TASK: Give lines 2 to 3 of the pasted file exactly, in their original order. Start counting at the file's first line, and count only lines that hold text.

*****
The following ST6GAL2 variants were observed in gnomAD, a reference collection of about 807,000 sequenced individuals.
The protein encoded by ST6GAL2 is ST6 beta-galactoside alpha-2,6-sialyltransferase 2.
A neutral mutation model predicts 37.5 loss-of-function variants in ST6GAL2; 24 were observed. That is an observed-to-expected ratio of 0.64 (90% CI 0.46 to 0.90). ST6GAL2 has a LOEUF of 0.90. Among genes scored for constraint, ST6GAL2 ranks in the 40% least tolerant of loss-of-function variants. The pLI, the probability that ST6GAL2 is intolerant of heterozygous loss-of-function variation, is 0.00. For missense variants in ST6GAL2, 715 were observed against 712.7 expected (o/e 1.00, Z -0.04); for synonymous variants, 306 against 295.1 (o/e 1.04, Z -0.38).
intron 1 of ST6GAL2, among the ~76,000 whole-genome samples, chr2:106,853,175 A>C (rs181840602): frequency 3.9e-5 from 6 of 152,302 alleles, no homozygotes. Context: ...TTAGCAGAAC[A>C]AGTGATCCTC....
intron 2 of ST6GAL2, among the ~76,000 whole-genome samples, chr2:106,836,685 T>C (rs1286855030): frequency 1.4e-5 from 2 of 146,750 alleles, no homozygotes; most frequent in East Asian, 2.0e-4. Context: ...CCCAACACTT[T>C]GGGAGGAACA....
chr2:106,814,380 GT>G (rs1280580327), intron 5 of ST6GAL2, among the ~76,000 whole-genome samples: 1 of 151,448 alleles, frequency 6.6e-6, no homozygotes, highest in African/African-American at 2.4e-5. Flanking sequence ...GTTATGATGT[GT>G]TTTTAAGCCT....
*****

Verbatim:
The protein encoded by ST6GAL2 is ST6 beta-galactoside alpha-2,6-sialyltransferase 2.
A neutral mutation model predicts 37.5 loss-of-function variants in ST6GAL2; 24 were observed. That is an observed-to-expected ratio of 0.64 (90% CI 0.46 to 0.90). ST6GAL2 has a LOEUF of 0.90. Among genes scored for constraint, ST6GAL2 ranks in the 40% least tolerant of loss-of-function variants. The pLI, the probability that ST6GAL2 is intolerant of heterozygous loss-of-function variation, is 0.00. For missense variants in ST6GAL2, 715 were observed against 712.7 expected (o/e 1.00, Z -0.04); for synonymous variants, 306 against 295.1 (o/e 1.04, Z -0.38).